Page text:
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Feds award $8 million for Highway 169 interchange in Jordan

A long-sought interchange project on Highway 169 in Jordan received an $8 million boost in federal funding, U.S. Rep Angie Craig announced last week.

The U.S. Department of Transportation’s grant will support the construction of a grade-separated interchange at Highway 169 and Highway 282.

The grant marks a major influx of dollars towards Scott County’s efforts to improve the highway corridor.

The project, once completed, will replace the last signalized intersection within a 75-mile stretch of Highway 169, according to Craig’s office.

In a statement, Craig touted the project’s ripple effect on Minnesota and the global economy by improving the critical economic corridor in Scott County.

The interchange project is particularly vital for rural communities who rely on the corridor to transport agricultural commodities to barge shipping ports on the Minnesota River in Savage, Craig said.

In a statement, Jordan Mayor Mike Franklin said he’s thrilled about the investment, which demonstrates Highway 169’s evolution from a “sleepy country highway to a major thoroughfare for commerce.”

“There shouldn’t be a stop light in the middle of I-35, and 169 shouldn’t have one in Jordan, either,” Franklin said.

State and local agencies involved with the project applied for the Rebuilding American Infrastructure with Sustainability and Equity (RAISE) grant earlier this year.

“We couldn’t be more pleased that our Congressional representatives helped secure this funding,” Scott County Commissioner Barb Weckman Brekke, who represents the City of Jordan and its surrounding areas, said in a press release. “Our residents, businesses, and visitors will certainly see the benefit of this investment for generations, and our partnership with the city has been absolutely invaluable in this effort.”

Prior Lake City Councilman Kevin Burkart, who is chair of the Highway 169 Corridor Coalition, said Craig has been a champion for improvements to the highway.

“Our appreciation to Angie and her team is immeasurable,” Burkart said in a press release from Craig’s office. “They have been with us each step of the way as we move forward with this mission critical intersection improvement.”

The Highway 169 interchange is one item on a list of projects aimed at improving safety on Scott County’s overburdened freight corridors.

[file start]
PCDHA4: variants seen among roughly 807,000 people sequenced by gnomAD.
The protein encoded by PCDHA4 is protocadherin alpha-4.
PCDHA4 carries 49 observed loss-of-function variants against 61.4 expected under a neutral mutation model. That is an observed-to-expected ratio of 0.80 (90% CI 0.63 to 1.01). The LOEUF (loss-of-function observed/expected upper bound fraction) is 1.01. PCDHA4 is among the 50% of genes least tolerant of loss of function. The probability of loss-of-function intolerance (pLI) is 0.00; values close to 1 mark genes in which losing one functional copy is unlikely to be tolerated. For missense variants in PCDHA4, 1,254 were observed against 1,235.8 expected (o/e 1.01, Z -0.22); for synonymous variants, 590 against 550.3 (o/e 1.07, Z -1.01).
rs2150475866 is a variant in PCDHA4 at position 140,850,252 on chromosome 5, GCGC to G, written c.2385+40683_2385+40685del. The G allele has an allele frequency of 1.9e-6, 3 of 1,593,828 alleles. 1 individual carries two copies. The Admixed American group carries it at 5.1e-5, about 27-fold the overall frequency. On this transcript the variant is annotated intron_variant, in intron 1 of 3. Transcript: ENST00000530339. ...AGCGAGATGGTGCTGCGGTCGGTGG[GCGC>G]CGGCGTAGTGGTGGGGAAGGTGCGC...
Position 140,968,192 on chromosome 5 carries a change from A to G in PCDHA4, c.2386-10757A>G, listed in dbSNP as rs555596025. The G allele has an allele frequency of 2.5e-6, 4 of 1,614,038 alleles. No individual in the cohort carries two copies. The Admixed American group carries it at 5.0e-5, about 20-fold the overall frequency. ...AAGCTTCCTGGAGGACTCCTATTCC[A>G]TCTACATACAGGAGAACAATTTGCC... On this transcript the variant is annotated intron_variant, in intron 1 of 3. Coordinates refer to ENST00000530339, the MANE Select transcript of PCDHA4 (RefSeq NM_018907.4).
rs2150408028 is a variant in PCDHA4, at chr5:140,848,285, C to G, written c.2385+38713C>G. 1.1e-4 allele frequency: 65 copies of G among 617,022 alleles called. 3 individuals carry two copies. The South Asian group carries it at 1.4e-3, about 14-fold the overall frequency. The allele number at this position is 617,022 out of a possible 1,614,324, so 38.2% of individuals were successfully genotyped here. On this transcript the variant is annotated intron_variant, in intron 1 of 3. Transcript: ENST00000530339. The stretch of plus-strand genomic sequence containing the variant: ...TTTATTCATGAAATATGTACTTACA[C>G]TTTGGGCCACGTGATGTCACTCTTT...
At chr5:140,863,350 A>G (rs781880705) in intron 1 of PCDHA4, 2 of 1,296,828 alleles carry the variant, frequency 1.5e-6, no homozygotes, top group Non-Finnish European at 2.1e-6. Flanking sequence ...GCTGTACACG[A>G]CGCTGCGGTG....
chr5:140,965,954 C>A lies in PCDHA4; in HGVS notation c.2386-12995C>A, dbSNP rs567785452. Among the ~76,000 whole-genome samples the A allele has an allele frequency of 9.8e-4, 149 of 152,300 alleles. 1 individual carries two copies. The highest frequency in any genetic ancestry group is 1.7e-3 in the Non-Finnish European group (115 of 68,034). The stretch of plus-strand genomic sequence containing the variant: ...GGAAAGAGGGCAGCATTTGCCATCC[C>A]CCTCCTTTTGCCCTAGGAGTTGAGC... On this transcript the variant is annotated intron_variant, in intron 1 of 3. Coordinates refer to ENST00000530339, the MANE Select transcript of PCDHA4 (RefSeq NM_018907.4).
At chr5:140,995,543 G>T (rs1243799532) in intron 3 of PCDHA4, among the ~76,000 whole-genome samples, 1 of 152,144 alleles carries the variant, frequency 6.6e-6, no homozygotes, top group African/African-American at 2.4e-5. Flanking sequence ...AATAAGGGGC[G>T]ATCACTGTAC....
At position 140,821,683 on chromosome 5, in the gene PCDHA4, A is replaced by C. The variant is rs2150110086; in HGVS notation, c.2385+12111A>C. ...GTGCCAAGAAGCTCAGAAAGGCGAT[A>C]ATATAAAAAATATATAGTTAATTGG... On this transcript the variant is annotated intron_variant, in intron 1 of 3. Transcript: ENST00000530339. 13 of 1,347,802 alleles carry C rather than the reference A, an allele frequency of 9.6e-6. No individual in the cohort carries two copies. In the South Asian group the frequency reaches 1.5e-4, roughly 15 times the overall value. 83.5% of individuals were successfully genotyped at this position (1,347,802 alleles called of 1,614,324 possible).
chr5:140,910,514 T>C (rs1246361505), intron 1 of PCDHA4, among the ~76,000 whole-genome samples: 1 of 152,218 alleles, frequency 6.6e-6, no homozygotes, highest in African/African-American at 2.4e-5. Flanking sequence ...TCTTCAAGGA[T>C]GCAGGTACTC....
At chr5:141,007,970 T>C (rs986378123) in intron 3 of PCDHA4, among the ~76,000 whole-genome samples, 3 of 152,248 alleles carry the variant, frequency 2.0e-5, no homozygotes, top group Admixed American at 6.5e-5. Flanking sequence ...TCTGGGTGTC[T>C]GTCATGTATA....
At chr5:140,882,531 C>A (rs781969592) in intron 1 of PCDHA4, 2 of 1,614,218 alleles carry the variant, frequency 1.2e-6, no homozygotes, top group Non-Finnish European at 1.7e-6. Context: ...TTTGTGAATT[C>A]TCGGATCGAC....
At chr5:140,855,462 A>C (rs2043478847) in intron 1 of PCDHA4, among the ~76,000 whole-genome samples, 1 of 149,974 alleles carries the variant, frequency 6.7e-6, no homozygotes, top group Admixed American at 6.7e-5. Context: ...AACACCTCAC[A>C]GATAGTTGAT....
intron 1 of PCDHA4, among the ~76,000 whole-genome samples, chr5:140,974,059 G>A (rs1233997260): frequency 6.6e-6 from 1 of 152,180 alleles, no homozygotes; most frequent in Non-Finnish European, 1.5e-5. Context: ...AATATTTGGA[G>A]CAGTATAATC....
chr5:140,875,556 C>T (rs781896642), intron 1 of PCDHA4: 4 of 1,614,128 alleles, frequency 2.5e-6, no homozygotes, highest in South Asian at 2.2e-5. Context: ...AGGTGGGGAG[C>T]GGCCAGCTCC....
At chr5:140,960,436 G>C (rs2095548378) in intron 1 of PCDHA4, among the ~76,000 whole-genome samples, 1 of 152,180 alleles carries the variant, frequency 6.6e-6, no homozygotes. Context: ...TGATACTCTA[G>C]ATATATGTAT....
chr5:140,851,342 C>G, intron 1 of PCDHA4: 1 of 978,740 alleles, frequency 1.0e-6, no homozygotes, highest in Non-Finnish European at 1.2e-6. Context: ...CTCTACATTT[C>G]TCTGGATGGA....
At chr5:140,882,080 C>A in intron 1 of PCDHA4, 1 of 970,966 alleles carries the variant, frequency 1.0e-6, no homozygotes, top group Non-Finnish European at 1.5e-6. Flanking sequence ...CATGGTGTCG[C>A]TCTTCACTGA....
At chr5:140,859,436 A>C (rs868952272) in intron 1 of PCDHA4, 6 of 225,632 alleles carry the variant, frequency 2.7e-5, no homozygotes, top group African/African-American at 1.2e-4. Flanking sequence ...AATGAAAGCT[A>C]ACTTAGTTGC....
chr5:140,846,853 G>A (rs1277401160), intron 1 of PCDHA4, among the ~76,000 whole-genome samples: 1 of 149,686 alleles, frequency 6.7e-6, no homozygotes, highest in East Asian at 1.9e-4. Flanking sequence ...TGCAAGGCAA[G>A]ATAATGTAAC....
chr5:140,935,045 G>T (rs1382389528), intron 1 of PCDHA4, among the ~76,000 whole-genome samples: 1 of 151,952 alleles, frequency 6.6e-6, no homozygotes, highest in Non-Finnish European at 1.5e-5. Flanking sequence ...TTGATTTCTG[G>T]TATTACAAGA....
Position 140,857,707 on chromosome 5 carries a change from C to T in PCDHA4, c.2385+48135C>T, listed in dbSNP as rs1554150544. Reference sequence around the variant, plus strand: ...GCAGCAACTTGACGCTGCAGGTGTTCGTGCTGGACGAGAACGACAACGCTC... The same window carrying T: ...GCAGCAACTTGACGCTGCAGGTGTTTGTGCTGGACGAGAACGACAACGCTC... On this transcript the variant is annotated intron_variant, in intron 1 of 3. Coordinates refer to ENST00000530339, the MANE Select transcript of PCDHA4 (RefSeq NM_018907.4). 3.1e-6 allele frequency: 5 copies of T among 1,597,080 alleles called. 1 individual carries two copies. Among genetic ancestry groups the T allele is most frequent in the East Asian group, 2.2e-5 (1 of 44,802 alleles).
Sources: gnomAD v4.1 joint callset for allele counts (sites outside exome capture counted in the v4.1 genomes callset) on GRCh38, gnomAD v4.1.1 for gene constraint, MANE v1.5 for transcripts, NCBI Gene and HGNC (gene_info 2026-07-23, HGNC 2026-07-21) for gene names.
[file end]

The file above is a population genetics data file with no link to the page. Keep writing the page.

The region’s traffic is driven by Minnesota’s second busiest water port, the Ports of Savage.

In addition to the project planned for Jordan, several other projects are being planned or underway in Scott County to improve the flow of traffic surrounding the major shipping hub.

The Minnesota Department of Transportation is set to break ground next year on an interchange project at Highway 13 and Dakota Avenue to improve safety near the port entrances, and several other projects are under review for Highway 13.

“Improving public safety and enhancing the efficient movement of people and goods throughout this region have always been two of our most significant priorities,” Scott County Board Chair Jon Ulrich said in a press release. “This federal grant funding is essential to moving this project forward and helping us realize that goal.”

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New research explores pandemic's impact on Scott County residents

New research exploring COVID-19’s impact on Scott County reveals disparities in how the pandemic impacted local residents, but the study’s findings also illustrate a sense of optimism for the community’s recovery.

The COVID-19 impact assessment, completed in partnership with the University of Minnesota and Scott County Public Health, examines the overall health of local residents by exploring financial stability, mental health, physical health and other areas.

The survey-based research, conducted this summer, found several racial and economic disparities in the pandemic’s impact on local residents.

Dr. Gina Erickson, Scott County’s data planner for the research, presented the findings to the Scott County Board of Commissioners earlier this month.

The survey’s 405 respondents tended to be more racially diverse and younger than the county’s overall demographic, according to Erickson. However, she said, that was by design, as researchers hoped to include populations that are often missed.